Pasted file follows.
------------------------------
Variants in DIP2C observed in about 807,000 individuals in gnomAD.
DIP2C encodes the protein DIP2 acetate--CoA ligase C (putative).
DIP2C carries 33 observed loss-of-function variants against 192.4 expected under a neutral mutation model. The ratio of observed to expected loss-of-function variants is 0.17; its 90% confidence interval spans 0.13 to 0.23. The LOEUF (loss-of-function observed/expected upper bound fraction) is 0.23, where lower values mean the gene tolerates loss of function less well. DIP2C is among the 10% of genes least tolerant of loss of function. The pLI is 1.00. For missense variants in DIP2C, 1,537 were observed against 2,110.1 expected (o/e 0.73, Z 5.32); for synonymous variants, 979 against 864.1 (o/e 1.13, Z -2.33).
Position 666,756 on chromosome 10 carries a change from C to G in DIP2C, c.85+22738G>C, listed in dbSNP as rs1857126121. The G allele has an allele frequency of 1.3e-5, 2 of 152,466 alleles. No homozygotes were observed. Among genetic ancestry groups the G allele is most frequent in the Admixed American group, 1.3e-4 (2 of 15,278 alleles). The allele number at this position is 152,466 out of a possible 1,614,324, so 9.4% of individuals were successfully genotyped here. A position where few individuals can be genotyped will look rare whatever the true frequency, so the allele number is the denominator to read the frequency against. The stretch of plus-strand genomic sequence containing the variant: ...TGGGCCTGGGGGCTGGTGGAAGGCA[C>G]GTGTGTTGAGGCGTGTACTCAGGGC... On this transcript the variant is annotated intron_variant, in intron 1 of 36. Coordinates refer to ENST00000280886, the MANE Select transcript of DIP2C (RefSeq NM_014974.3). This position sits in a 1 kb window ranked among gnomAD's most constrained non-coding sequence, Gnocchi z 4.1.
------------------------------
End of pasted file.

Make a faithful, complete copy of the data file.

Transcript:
Variants in DIP2C observed in about 807,000 individuals in gnomAD.
DIP2C encodes the protein DIP2 acetate--CoA ligase C (putative).
DIP2C carries 33 observed loss-of-function variants against 192.4 expected under a neutral mutation model. The ratio of observed to expected loss-of-function variants is 0.17; its 90% confidence interval spans 0.13 to 0.23. The LOEUF (loss-of-function observed/expected upper bound fraction) is 0.23, where lower values mean the gene tolerates loss of function less well. DIP2C is among the 10% of genes least tolerant of loss of function. The pLI is 1.00. For missense variants in DIP2C, 1,537 were observed against 2,110.1 expected (o/e 0.73, Z 5.32); for synonymous variants, 979 against 864.1 (o/e 1.13, Z -2.33).
Position 666,756 on chromosome 10 carries a change from C to G in DIP2C, c.85+22738G>C, listed in dbSNP as rs1857126121. The G allele has an allele frequency of 1.3e-5, 2 of 152,466 alleles. No homozygotes were observed. Among genetic ancestry groups the G allele is most frequent in the Admixed American group, 1.3e-4 (2 of 15,278 alleles). The allele number at this position is 152,466 out of a possible 1,614,324, so 9.4% of individuals were successfully genotyped here. A position where few individuals can be genotyped will look rare whatever the true frequency, so the allele number is the denominator to read the frequency against. The stretch of plus-strand genomic sequence containing the variant: ...TGGGCCTGGGGGCTGGTGGAAGGCA[C>G]GTGTGTTGAGGCGTGTACTCAGGGC... On this transcript the variant is annotated intron_variant, in intron 1 of 36. Coordinates refer to ENST00000280886, the MANE Select transcript of DIP2C (RefSeq NM_014974.3). This position sits in a 1 kb window ranked among gnomAD's most constrained non-coding sequence, Gnocchi z 4.1.